My son pointed out the classrooms, the faculty offices and the big and beautiful new student center adjacent to the gorgeous campus pool. I saw his particular nook at the on-campus Starbucks where he gets most of his work done (“I like the white noise, it’s not too quiet like the library, but not loud and distracting”) and the Student Government Office where he and his peers will convene weekly as members of the newly elected student government (may they have better luck than their Federal counterparts).
So many thoughts as a parent were swirling through my head, first and foremost being, when can I go to sleep since I have been up since 5:30am and you rolled out of bed when we landed at the airport? But seriously, how their lives have changed so much in just two months. Which experiences will be the impetus to their future adult lives? Who from this campus will be their lifelong friends, partners or spouses?
It was also interesting to note how the freshman are learning to negotiate their way through life challenges. One girl had an ear infection and had to spend three hours waiting at the health clinic because she hadn’t made an appointment only to realize she had no cash on her to purchase her prescription. A few classmates switched majors and thus have an entirely new schedule from the one that they had constructed over the summer with mom and dad by their side. There have been fights, injuries and student probationary periods prompted by overindulging in underage drinking and I read a flyer on the dorm wall about “alerts” that a professor will send home if there is an academic concern.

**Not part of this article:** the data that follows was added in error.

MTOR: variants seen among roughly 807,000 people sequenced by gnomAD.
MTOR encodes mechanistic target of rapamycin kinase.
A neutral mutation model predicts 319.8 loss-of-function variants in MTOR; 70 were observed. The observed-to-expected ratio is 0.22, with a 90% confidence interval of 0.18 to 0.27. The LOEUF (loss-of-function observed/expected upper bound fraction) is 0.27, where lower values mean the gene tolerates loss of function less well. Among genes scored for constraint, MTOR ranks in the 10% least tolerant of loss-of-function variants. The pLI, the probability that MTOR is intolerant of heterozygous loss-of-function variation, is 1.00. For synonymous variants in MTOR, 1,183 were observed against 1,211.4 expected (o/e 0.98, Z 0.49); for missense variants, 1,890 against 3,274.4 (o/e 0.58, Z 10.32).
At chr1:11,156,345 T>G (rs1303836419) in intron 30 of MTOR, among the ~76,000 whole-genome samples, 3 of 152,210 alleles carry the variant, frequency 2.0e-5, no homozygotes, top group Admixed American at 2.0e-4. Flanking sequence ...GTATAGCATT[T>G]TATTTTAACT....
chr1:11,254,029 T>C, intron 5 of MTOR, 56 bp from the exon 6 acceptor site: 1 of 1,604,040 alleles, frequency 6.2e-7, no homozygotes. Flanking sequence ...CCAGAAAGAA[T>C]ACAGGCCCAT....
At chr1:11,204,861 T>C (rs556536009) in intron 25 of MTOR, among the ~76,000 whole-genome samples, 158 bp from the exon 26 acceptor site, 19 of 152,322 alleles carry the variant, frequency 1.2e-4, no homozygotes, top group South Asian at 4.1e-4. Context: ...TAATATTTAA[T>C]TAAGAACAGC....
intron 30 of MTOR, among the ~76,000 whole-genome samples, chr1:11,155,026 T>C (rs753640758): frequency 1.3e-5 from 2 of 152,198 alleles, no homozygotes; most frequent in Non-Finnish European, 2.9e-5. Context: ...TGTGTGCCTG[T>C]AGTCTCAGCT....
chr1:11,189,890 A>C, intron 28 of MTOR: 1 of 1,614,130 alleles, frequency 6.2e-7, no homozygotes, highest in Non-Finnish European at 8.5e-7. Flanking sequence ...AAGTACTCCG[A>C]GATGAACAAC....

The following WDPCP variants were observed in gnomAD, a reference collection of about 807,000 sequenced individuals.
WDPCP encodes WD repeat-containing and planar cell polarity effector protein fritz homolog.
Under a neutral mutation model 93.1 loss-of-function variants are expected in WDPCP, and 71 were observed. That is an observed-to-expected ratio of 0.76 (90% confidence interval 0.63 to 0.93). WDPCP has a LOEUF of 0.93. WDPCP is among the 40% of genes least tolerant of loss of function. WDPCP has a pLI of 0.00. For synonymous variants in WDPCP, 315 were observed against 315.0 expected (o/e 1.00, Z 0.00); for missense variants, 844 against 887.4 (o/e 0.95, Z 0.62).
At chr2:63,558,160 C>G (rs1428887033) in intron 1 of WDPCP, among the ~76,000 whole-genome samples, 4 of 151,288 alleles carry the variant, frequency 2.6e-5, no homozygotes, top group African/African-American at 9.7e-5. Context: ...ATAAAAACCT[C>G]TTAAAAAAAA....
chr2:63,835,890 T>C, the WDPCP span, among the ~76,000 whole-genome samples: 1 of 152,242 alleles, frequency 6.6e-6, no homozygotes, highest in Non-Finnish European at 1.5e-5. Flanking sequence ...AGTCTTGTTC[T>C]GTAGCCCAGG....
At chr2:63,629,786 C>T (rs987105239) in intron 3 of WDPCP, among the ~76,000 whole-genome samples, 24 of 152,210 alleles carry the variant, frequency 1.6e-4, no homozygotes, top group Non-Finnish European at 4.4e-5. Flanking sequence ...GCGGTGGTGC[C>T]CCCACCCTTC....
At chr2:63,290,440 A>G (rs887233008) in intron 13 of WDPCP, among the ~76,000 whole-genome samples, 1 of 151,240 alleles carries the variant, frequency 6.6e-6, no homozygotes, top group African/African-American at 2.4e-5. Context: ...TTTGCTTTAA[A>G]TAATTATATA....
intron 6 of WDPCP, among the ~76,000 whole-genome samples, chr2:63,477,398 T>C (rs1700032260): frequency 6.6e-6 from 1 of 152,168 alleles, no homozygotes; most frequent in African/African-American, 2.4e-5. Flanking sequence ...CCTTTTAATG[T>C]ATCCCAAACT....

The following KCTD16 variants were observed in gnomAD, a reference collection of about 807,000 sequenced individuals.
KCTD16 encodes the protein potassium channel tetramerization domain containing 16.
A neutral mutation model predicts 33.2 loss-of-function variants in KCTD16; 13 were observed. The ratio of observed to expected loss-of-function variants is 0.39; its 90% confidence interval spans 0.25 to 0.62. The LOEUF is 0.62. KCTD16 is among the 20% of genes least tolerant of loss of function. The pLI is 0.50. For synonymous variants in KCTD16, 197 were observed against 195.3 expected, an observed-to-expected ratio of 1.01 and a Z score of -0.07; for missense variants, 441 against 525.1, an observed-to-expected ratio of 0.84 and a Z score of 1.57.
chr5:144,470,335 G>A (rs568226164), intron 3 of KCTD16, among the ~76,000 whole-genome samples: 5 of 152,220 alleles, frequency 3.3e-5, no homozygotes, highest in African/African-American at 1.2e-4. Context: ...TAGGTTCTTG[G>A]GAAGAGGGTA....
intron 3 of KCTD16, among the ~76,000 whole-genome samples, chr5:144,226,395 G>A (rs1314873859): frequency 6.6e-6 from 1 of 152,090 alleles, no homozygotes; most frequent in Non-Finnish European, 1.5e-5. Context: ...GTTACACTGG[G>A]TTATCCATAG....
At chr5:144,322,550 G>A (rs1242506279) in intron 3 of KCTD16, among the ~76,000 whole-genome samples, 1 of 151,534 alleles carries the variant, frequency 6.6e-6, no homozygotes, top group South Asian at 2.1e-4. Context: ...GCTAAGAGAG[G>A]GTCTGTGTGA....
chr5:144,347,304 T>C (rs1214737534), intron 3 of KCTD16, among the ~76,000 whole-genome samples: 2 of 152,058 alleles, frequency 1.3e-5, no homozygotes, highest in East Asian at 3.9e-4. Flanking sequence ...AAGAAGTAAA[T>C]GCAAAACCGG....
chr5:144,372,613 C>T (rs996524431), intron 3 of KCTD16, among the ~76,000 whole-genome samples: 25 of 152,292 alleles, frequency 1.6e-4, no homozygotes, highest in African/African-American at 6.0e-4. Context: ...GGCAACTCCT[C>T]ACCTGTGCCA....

The freshman are learning that the “Welcome to Adulthood” banner includes the joy of the greatest.party.evah. and the realization that “it is time to do some work” all wrapped up in the same college experience . I am grateful that these students have the opportunity to wear the banner in a somewhat protected environment. There are faculty, staff, resident advisors and upperclassmen all available to share both the joys and the great lessons of the freshman year.
May all the Freshman of 2013-2014 find joy, learning, great adventures and safety this year (and don’t forget to call your parents, okay, a text will suffice!)
Addendum: Between completing this post and making final edits, I got a text from my son “I think I’m going to go to the health center to get my sinuses checked out”. Since he had been having symptoms all weekend, I praised his idea and reminded him to make an appointment to avoid a three hour wait!